Al Maginnes


Al Maginnes’s most recent books are Ghost Alphabet (White Pine Press, 2008), winner of the 2007 White Pine Poetry Prize, and two chapbooks published in 2010, Between States (Main Street Rag) and Greatest Hits 1987-2010 (Pudding House Publications). He has work appearing or forthcoming in Brilliant Corners, Tar River Poetry, Platte Valley Review, Harpur Palate, Asheville Poetry Review, Verdad, Poem, Cimmaron Review, and many others. He lives in Raleigh, North Carolina and teaches at Wake Technical Community College.

Against Relapse

Drunk at ten in the morning, said
the man at the table behind us,
as though it was something unusual,
as though he had never swayed
at the starting gate of an aching new day,
seeing only chalky gray flat
before him, his blood too weighted
to move and tasting the need
to light it up or shut it down.
It’s clear he never thought it was
a good idea to dance in the office
of his ex-wife’s lawyer or to sing
“Blue Moon of Kentucky” on a bus
filled with people going to work
and busy with cell phones, briefcases
and coffee cups. He has forgotten
he could have been me or anyone
thirsty and confused enough
to need the day’s possibilities reduced
to one. Some afternoons I play
hide and seek with my daughter
in an old graveyard or inside
the labyrinth of a used book store,
hoping she will find as I have
a love for quiet places. But I don’t
want her to go for days
as I did speaking to no one
but bored store clerks who wanted me
to shut up and take my vodka
home to its orange juice, the blinds
already pulled on the day.
Yesterday, driving to work after
dropping her at school, I saw
two men I might have been,
one falling in slow motion,
the other bending to help him up,
the pathway treacherous, the day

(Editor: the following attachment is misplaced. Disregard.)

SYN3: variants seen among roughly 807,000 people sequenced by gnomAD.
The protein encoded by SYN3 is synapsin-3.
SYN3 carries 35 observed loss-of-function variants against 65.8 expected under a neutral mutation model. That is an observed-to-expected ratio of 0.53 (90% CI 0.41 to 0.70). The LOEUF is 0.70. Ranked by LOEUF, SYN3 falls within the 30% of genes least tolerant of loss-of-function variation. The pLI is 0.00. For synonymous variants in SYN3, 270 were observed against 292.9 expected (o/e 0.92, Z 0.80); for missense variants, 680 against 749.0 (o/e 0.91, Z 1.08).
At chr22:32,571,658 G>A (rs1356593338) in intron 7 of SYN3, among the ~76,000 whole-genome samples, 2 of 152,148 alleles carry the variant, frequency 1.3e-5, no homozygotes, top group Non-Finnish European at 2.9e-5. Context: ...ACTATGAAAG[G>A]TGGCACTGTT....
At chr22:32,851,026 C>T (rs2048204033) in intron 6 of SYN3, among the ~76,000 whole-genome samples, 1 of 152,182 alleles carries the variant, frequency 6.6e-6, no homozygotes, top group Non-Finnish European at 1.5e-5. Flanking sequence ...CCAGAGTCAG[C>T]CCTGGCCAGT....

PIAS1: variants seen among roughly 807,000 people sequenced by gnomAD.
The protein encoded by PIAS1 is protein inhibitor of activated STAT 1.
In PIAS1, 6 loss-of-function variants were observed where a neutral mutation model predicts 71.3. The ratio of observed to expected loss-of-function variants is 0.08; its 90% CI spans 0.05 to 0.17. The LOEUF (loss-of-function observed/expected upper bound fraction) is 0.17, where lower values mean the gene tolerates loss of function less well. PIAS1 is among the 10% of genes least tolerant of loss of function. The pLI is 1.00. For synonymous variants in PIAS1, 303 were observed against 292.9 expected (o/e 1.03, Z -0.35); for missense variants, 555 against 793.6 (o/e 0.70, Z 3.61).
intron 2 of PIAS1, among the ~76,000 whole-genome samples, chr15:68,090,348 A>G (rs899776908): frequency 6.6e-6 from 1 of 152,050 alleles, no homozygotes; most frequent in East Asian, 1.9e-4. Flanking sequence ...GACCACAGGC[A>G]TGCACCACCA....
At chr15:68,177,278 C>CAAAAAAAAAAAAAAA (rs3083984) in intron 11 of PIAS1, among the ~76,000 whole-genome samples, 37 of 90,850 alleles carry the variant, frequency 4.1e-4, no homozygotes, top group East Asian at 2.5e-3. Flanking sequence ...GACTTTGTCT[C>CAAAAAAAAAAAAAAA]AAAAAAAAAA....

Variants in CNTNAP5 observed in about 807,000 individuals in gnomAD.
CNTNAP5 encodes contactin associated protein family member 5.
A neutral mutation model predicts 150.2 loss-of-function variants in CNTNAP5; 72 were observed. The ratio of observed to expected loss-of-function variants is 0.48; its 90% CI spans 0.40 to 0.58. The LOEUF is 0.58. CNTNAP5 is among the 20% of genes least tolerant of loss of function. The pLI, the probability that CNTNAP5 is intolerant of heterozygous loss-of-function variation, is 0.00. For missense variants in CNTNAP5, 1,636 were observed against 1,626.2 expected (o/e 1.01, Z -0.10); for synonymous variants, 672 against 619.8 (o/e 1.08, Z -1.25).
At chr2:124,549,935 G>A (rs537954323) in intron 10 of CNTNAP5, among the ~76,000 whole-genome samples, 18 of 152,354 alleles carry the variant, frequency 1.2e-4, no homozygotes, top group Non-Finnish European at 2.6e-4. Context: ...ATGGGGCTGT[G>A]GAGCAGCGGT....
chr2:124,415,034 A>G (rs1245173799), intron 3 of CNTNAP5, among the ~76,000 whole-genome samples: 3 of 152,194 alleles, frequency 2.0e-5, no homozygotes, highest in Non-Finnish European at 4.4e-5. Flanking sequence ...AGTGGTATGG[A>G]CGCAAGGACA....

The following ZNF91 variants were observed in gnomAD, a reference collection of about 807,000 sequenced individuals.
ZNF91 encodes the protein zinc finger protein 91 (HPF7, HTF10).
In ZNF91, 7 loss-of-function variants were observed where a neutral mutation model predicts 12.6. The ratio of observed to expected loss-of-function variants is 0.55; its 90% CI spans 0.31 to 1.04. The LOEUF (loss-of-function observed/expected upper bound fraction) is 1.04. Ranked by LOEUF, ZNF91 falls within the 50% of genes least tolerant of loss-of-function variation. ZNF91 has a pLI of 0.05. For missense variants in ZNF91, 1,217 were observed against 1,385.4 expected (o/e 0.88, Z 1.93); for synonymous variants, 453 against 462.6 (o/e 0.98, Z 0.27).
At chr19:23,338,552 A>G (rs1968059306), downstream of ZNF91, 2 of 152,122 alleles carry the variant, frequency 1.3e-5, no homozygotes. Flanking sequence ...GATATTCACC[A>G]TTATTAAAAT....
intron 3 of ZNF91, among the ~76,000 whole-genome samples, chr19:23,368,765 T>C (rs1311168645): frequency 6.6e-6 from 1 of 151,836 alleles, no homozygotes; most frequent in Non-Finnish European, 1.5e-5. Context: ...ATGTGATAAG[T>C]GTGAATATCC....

narrow and endless before them.

I have lived in Raleigh, North Carolina for many years. The part of Raleigh where I live is called ‘inside the beltline’ by residents. I call it ‘the part of Raleigh with sidewalks.’ Roughly speaking, it contains downtown, most of the town’s colleges and universities, and, increasingly, most of its affordable housing. Like any such area, this part of town boasts its share of characters. One guy I always used to see I called ‘Cigar’ because when he was doing well he always had a cigar in his mouth and usually was wearing a sports jacket and hat. This poem began one morning when I saw him falling down on the sidewalk, obviously drunk, right after I had dropped my daughter at her preschool. This area has its share of hard drinking vagrants, but I had never seen this guy drunk before. About the same time, I overheard someone speak the first line of the poem, ‘Drunk at ten in the morning,’ and I began thinking about how many such mornings I had in the years before I got sober. And like any parent in recovery—or any parent at all—I hope that my daughter can avoid such excesses. The drunken shenanigans I mention in the poem are not things I did, although dancing and singing ‘Blue Moon of Kentucky’ were often side effects of my drinking.